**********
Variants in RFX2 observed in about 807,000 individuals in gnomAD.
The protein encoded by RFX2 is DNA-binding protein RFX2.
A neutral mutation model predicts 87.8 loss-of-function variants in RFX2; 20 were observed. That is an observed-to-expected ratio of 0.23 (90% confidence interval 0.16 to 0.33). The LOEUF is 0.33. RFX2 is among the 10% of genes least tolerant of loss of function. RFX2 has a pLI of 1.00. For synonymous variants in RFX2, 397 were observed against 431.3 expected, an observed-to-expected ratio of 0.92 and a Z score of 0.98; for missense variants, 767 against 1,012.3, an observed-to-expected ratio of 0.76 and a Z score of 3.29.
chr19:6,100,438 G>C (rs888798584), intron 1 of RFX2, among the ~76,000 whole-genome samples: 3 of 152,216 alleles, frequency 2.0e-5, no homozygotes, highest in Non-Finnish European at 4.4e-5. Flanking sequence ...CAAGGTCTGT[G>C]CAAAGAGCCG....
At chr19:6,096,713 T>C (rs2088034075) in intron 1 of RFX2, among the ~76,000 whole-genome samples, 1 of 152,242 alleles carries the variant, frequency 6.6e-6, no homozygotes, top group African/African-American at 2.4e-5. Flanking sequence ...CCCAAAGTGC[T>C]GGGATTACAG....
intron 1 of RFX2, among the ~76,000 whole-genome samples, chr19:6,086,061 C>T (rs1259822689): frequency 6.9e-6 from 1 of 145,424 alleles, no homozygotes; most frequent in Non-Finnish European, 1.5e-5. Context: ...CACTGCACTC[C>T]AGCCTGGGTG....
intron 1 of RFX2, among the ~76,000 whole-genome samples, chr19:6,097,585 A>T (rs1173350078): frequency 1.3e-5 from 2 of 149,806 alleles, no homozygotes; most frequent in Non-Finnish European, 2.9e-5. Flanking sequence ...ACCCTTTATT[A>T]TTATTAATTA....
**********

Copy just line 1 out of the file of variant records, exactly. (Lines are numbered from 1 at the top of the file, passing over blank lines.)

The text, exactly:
Variants in RFX2 observed in about 807,000 individuals in gnomAD.